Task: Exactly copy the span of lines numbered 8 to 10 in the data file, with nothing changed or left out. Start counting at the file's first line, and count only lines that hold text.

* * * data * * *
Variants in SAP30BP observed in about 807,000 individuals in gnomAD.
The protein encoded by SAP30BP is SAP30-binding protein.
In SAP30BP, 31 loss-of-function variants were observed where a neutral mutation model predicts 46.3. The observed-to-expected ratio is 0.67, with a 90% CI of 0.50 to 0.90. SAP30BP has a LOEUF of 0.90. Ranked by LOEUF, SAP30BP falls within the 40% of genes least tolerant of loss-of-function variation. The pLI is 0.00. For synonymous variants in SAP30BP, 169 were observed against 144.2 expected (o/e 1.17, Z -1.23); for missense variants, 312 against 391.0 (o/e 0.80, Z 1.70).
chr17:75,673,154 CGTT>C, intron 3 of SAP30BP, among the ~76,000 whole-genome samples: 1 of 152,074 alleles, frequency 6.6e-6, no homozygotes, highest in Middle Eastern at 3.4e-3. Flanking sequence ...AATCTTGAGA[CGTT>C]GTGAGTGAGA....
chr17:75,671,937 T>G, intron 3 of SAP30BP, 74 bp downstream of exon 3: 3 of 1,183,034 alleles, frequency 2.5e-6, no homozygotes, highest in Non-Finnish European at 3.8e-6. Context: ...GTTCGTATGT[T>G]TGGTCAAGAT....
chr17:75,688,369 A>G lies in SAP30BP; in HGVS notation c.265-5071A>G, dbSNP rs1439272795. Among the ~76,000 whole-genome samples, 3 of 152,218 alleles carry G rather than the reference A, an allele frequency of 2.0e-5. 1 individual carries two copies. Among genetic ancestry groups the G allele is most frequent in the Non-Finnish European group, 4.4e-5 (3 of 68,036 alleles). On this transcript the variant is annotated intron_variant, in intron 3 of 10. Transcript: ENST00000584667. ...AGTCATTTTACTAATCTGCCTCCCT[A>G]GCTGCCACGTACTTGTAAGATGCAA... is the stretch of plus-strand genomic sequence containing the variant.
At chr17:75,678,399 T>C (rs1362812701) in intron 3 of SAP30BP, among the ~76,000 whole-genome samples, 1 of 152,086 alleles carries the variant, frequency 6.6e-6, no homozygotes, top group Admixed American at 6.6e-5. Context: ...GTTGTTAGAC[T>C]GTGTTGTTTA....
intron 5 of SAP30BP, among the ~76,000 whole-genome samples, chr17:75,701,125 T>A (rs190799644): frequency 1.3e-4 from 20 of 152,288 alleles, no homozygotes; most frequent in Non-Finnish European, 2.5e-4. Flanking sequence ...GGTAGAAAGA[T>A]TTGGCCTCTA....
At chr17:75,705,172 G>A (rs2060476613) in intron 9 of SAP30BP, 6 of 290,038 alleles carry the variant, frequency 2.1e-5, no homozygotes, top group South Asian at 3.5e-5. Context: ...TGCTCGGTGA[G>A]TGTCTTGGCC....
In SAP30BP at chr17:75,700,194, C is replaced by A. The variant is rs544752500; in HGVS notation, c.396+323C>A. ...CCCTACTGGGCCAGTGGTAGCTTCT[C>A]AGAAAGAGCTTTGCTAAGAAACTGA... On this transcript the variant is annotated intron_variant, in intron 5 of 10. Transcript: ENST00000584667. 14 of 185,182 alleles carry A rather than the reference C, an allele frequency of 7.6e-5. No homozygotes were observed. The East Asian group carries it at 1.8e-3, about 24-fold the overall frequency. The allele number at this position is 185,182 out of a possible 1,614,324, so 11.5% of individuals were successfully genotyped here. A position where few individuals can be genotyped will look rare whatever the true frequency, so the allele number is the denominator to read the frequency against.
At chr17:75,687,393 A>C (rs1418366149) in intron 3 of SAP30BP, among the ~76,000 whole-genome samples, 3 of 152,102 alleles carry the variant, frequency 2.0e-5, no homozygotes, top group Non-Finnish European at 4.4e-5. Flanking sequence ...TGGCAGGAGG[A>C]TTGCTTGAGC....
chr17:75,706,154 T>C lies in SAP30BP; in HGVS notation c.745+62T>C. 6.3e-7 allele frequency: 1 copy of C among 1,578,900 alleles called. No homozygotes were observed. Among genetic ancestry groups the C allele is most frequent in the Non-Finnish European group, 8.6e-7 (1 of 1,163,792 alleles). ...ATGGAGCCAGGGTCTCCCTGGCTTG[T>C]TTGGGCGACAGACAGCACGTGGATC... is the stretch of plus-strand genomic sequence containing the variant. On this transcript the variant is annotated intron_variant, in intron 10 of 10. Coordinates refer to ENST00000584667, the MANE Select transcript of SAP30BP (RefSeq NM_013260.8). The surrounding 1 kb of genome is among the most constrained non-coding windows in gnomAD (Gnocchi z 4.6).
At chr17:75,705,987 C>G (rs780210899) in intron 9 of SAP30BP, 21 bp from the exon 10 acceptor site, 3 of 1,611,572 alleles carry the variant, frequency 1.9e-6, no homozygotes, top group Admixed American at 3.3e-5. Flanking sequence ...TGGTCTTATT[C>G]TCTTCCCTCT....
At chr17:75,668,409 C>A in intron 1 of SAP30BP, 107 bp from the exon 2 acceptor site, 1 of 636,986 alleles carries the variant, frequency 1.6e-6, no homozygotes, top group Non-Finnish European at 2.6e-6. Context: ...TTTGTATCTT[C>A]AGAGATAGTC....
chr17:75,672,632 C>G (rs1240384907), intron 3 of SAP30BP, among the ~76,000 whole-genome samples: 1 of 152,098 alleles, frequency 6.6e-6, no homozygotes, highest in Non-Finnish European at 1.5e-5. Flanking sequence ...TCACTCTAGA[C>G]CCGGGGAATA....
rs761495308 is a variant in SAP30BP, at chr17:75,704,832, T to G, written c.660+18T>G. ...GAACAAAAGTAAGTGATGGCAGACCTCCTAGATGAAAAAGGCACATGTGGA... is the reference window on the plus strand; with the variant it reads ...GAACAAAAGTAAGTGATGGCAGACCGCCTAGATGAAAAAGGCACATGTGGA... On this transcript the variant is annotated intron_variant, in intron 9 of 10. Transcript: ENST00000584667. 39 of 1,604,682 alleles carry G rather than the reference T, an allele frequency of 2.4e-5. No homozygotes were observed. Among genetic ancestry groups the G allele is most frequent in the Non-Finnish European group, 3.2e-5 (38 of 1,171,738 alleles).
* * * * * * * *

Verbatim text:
intron 5 of SAP30BP, among the ~76,000 whole-genome samples, chr17:75,701,125 T>A (rs190799644): frequency 1.3e-4 from 20 of 152,288 alleles, no homozygotes; most frequent in Non-Finnish European, 2.5e-4. Flanking sequence ...GGTAGAAAGA[T>A]TTGGCCTCTA....
At chr17:75,705,172 G>A (rs2060476613) in intron 9 of SAP30BP, 6 of 290,038 alleles carry the variant, frequency 2.1e-5, no homozygotes, top group South Asian at 3.5e-5. Context: ...TGCTCGGTGA[G>A]TGTCTTGGCC....
In SAP30BP at chr17:75,700,194, C is replaced by A. The variant is rs544752500; in HGVS notation, c.396+323C>A. ...CCCTACTGGGCCAGTGGTAGCTTCT[C>A]AGAAAGAGCTTTGCTAAGAAACTGA... On this transcript the variant is annotated intron_variant, in intron 5 of 10. Transcript: ENST00000584667. 14 of 185,182 alleles carry A rather than the reference C, an allele frequency of 7.6e-5. No homozygotes were observed. The East Asian group carries it at 1.8e-3, about 24-fold the overall frequency. The allele number at this position is 185,182 out of a possible 1,614,324, so 11.5% of individuals were successfully genotyped here. A position where few individuals can be genotyped will look rare whatever the true frequency, so the allele number is the denominator to read the frequency against.